Happy Birthday CFPB: Protecting American Consumers Against Wall Street

This month marks the fifth anniversary of the law that created the only financial regulatory agency with a mandate to put the interests of consumers first. Since it opened its doors in July 2011, the Consumer Financial Protection Bureau has begun to bring badly needed rules of fair play to mortgages, debit cards and other areas of the financial marketplace, while delivering some $10.1 billion in refunds and restitution to more than 14 million consumers cheated by financial companies big and small.

Now the Bureau has taken the first steps toward issuing rules that could end abuses in payday, car-title, and other high-cost, debt-trap consumer loans – loans that have had devastating effects on countless Wisconsin families. Unfortunately for the citizens of Idaho, however, Senator Crapo appears to be lining up with the payday lenders and the big banks in their ceaseless efforts to block regulation and undermine the Consumer Bureau’s effectiveness.

Senator Crapo has voted for bills and amendments designed to curtail the CFPB’s funding and authority and roll back financial reform. In addition, he ranks among the top thirty House recipients of payday-industry campaign contributions, with $37,500 coming in during the last election cycle.

A new survey confirms once again that most voters – including majorities of Democrats, Independents and Republicans – believe there should be more, not less, government oversight of financial companies. Nearly nine out of ten voters say that small-dollar lenders should have to make sure a loan is affordable in light of a customer’s income and expenses. Continue reading

Rigged to Fail

Report Card: Idaho Policies are Failing Working Families

Raising the wage and protecting child support are critical steps in helping workers move from barely surviving to thriving.

BOISE — A healthy, thriving environment that allows workers to move beyond living paycheck-to-paycheck is good for families, good for business, good for the community, and good for the economy.

Unfortunately, in Idaho, state policies too often seem rigged against workers and their families, preventing people from getting ahead no matter how hard they struggle. Low wages, a lack of good-paying jobs, inequitable tax systems, sky-rocketing education costs and debilitating debt especially impact low-income families.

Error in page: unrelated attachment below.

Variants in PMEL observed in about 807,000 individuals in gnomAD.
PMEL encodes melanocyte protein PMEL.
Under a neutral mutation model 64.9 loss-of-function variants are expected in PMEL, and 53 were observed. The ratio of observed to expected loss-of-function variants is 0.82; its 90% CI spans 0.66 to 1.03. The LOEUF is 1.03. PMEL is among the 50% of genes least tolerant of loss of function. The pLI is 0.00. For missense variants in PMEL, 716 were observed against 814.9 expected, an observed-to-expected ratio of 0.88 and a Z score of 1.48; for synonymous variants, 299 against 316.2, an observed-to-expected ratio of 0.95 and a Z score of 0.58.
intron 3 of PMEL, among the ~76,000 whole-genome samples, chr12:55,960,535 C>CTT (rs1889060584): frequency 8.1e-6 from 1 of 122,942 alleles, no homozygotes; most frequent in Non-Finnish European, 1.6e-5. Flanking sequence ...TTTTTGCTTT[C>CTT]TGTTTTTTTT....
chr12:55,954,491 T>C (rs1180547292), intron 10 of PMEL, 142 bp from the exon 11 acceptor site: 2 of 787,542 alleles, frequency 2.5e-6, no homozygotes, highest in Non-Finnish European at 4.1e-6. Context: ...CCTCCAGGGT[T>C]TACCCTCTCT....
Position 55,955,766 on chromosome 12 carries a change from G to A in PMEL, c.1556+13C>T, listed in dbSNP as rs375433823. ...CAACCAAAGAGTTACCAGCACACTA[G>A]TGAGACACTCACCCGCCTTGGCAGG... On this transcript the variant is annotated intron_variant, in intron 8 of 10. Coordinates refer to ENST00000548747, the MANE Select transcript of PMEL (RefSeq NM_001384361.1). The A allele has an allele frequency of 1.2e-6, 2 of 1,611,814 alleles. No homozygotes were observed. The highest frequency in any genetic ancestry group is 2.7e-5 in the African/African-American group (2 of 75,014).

A new report card, “Rigged to Fail: When state policies suppress workers’ ability to make ends meet,” released today by Idaho Community Action Network, gives Idaho an “F” when it comes to passing policies that help workers and their families get ahead. Here is a copy of the report.

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Stopping the Debt Trap: A National Solution

Today, the Consumer Financial Protection Bureau (CFPB) held a field hearing to share their recommendations for stopping the predatory lending debt trap. The recommendations could create strong consumer protections for payday loans, vehicle title loans, deposit advance products and certain high-cost installment and open-end loans.

Idaho Community Action Network, which has actively lobbied for policy restrictions on the industry like a cap on interest rates, believes this proposal is a significant step in the right direction and will directly benefit Idaho communities. The emergence of national solutions that address the debt trap and wealth stripping plaguing our families and communities across the nation is a significant development in the movement for consumer protection.

This proposal takes a major step toward protecting families and their hard-earned money. For Idaho, these national solutions can alleviate the struggle for families who, frankly, have enough to deal with in a state with low wages and restrictive access to health care. Considering that each year around $64 million is being stripped from Idaho’s local economies, families don’t have more to give. It’s like squeezing blood from a turnip.

With more storefronts than Starbucks, the small dollar loan industry has shown blatant disregard for common sense practices, including basic affordability underwriting. Continue reading